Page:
Principal Suspends Half Of Her Students, Sends Wake-Up Call To Parents


A recently hired principal made a bold move by issuing suspension notices to more than 500 of the 1,100 students at her school, leaving most people to wonder what all of those teenagers could have possibly done do deserve the same punishment. Then, she revealed the reason behind her decision, and it left everyone stunned.

Lisa Love had only been the principal of Harrisburg High School for a few months, but she immediately noticed a concerning trend among the students — most of them had racked up an alarming amount of unexcused absences from class. She decided that something needed to be done to correct the problem, so a new approach was needed if new results were expected.

“The problem I’ve noticed here as principal is that students are coming to school but they are not going to classes when they get here,” Love said, according to PennLive. “Many parents send their kids to school and they’re thinking they’re going to class. I needed to reach out because of the enormous number not going to class.”

Principal Lisa Love decided to suspend every single student who had an excessive amount of unexcused absences from the school, which has long struggled with poor test scores and a low graduation rate. Love said she could not improve academic achievement at the school if students don’t even bother to show up.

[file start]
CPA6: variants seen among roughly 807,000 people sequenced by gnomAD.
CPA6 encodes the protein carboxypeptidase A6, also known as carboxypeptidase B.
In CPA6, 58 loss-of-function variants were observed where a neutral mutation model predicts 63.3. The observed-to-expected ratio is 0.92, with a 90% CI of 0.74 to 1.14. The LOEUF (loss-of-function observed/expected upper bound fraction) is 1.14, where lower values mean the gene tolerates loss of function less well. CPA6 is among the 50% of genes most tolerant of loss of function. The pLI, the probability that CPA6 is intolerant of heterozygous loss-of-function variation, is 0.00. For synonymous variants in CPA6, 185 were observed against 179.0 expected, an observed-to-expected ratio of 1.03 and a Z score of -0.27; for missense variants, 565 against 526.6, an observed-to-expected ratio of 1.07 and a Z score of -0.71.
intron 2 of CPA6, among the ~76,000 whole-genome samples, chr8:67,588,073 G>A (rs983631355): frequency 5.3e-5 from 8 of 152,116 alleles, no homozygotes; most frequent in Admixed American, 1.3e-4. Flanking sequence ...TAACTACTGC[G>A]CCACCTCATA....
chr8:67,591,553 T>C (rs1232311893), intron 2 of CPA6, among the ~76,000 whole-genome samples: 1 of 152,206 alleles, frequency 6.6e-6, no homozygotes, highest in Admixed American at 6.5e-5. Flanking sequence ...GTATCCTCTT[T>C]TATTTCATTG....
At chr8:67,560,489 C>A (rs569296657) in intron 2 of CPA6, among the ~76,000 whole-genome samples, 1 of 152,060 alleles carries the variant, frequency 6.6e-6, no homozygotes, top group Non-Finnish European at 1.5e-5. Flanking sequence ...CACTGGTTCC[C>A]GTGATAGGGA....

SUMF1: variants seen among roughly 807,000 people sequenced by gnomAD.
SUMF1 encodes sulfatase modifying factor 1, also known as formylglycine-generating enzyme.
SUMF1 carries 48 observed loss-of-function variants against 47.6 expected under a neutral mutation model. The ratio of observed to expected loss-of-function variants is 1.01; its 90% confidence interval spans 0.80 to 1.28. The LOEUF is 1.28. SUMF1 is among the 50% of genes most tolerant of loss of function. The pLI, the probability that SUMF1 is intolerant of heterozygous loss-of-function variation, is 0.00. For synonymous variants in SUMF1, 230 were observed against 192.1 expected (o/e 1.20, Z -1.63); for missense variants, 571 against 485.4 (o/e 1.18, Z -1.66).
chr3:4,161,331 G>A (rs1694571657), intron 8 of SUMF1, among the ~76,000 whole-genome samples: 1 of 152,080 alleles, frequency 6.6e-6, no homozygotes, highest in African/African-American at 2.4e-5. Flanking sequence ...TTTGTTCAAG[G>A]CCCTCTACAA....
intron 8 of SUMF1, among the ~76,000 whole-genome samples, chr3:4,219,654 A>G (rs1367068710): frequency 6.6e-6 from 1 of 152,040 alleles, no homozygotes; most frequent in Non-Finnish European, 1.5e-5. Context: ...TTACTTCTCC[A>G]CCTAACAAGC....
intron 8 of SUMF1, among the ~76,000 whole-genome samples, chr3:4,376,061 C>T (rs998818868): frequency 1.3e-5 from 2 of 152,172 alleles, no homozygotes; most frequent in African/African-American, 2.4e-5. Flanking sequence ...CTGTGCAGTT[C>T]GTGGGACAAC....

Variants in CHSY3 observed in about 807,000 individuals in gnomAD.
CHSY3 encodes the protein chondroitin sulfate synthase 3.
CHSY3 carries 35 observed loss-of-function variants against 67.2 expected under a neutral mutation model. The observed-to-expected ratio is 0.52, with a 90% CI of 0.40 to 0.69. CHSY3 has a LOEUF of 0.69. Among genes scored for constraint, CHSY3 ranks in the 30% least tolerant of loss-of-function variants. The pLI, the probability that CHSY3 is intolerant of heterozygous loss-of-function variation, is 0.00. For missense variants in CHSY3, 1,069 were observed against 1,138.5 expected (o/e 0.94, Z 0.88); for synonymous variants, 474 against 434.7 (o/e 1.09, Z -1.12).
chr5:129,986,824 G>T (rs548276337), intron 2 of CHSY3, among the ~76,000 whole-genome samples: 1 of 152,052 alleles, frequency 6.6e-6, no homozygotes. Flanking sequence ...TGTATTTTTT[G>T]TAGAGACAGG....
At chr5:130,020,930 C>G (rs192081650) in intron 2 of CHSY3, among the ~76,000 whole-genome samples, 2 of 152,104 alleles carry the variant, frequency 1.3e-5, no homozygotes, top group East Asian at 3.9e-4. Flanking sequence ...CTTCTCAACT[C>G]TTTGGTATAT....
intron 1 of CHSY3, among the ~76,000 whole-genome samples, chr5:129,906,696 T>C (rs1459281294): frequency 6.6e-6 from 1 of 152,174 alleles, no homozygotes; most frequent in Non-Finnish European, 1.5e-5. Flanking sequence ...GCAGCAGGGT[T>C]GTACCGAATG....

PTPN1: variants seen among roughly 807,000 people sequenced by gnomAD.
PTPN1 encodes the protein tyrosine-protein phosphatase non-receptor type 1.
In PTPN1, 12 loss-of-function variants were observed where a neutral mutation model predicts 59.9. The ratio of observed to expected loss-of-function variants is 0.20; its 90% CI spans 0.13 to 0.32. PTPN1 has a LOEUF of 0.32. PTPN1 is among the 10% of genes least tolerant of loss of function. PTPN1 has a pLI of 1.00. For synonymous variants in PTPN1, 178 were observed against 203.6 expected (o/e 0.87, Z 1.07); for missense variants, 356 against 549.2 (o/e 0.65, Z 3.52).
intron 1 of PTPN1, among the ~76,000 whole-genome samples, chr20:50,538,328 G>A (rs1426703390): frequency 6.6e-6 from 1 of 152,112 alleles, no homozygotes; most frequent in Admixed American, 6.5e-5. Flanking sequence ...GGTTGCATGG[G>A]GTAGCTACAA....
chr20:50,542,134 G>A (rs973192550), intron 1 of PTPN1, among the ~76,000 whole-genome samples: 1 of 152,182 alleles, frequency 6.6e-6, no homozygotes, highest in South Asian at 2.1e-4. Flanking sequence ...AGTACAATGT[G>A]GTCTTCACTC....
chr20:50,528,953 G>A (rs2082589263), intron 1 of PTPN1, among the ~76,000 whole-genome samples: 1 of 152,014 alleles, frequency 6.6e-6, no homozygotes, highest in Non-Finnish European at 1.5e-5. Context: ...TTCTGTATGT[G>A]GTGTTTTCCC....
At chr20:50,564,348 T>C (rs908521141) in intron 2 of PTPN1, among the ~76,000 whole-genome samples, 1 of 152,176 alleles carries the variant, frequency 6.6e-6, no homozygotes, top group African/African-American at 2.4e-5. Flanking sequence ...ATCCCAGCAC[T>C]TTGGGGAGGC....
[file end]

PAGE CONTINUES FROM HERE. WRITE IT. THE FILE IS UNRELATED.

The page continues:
“If you’re not in class, all you’re here to do then is to wreak havoc upon the school and disrupt the work that we are trying to do here…to focus on student achievement,” Love said, according to ABC27. “And a lot of times doing transformational work means that you have to do some radical things to get the attention of parents and the community and students.”

Assistant Principal Keith Edmonds said that the benchmark used to establish what constituted “excessive” absences, which earned students a suspension, was 35 missed classes within a 45-day marking period without providing proper documentation. That number represents a week’s worth of missed classes or seven classes per day in a five-day week.

The students hang out in bathrooms and empty areas of the school to get out of going to class and hid the absences from their parents. “Right now, the process is just to weed out where our issues are so that we can properly address them,” Edmonds said.